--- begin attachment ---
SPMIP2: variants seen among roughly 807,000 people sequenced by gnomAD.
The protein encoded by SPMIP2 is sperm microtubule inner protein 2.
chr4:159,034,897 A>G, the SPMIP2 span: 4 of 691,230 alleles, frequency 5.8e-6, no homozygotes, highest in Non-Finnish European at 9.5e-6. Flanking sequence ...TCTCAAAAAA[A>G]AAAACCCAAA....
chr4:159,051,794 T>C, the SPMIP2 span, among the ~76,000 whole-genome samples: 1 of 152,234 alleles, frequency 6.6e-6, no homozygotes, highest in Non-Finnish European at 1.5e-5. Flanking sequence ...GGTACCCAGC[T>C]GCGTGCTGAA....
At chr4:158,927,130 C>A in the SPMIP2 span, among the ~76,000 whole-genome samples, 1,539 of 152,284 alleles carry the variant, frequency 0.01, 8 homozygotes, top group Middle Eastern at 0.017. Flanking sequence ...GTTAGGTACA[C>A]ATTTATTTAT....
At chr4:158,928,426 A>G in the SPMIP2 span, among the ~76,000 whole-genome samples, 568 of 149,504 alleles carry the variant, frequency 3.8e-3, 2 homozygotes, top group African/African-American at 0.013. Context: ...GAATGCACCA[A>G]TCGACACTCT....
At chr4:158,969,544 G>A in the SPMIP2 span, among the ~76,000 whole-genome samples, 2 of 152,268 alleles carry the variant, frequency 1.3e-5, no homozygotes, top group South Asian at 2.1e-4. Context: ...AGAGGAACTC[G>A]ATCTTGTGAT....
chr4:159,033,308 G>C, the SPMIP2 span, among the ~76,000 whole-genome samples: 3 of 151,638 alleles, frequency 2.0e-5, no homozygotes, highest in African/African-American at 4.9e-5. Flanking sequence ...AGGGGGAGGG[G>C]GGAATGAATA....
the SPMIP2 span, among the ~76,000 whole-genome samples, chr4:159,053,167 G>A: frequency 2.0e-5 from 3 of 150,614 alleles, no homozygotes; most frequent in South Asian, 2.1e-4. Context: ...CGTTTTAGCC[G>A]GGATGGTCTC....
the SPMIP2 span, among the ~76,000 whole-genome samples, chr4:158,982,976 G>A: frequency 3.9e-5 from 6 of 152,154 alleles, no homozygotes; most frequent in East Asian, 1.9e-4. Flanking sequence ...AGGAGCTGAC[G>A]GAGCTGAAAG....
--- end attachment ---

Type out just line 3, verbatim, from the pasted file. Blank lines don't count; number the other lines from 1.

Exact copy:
chr4:159,034,897 A>G, the SPMIP2 span: 4 of 691,230 alleles, frequency 5.8e-6, no homozygotes, highest in Non-Finnish European at 9.5e-6. Flanking sequence ...TCTCAAAAAA[A>G]AAAACCCAAA....